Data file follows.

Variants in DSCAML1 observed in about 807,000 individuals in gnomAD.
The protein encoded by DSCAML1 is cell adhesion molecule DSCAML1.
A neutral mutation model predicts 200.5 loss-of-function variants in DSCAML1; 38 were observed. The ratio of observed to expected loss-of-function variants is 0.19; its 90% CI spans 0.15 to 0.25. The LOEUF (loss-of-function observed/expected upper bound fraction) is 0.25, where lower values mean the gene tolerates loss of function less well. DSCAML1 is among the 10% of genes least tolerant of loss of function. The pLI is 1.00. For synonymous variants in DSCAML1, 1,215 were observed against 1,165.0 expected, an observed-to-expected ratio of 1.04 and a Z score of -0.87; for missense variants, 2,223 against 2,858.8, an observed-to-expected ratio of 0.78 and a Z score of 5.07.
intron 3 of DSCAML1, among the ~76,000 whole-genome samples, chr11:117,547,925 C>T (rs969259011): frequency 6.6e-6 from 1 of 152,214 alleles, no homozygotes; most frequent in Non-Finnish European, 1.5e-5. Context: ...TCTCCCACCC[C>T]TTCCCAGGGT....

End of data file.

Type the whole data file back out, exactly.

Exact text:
Variants in DSCAML1 observed in about 807,000 individuals in gnomAD.
The protein encoded by DSCAML1 is cell adhesion molecule DSCAML1.
A neutral mutation model predicts 200.5 loss-of-function variants in DSCAML1; 38 were observed. The ratio of observed to expected loss-of-function variants is 0.19; its 90% CI spans 0.15 to 0.25. The LOEUF (loss-of-function observed/expected upper bound fraction) is 0.25, where lower values mean the gene tolerates loss of function less well. DSCAML1 is among the 10% of genes least tolerant of loss of function. The pLI is 1.00. For synonymous variants in DSCAML1, 1,215 were observed against 1,165.0 expected, an observed-to-expected ratio of 1.04 and a Z score of -0.87; for missense variants, 2,223 against 2,858.8, an observed-to-expected ratio of 0.78 and a Z score of 5.07.
intron 3 of DSCAML1, among the ~76,000 whole-genome samples, chr11:117,547,925 C>T (rs969259011): frequency 6.6e-6 from 1 of 152,214 alleles, no homozygotes; most frequent in Non-Finnish European, 1.5e-5. Context: ...TCTCCCACCC[C>T]TTCCCAGGGT....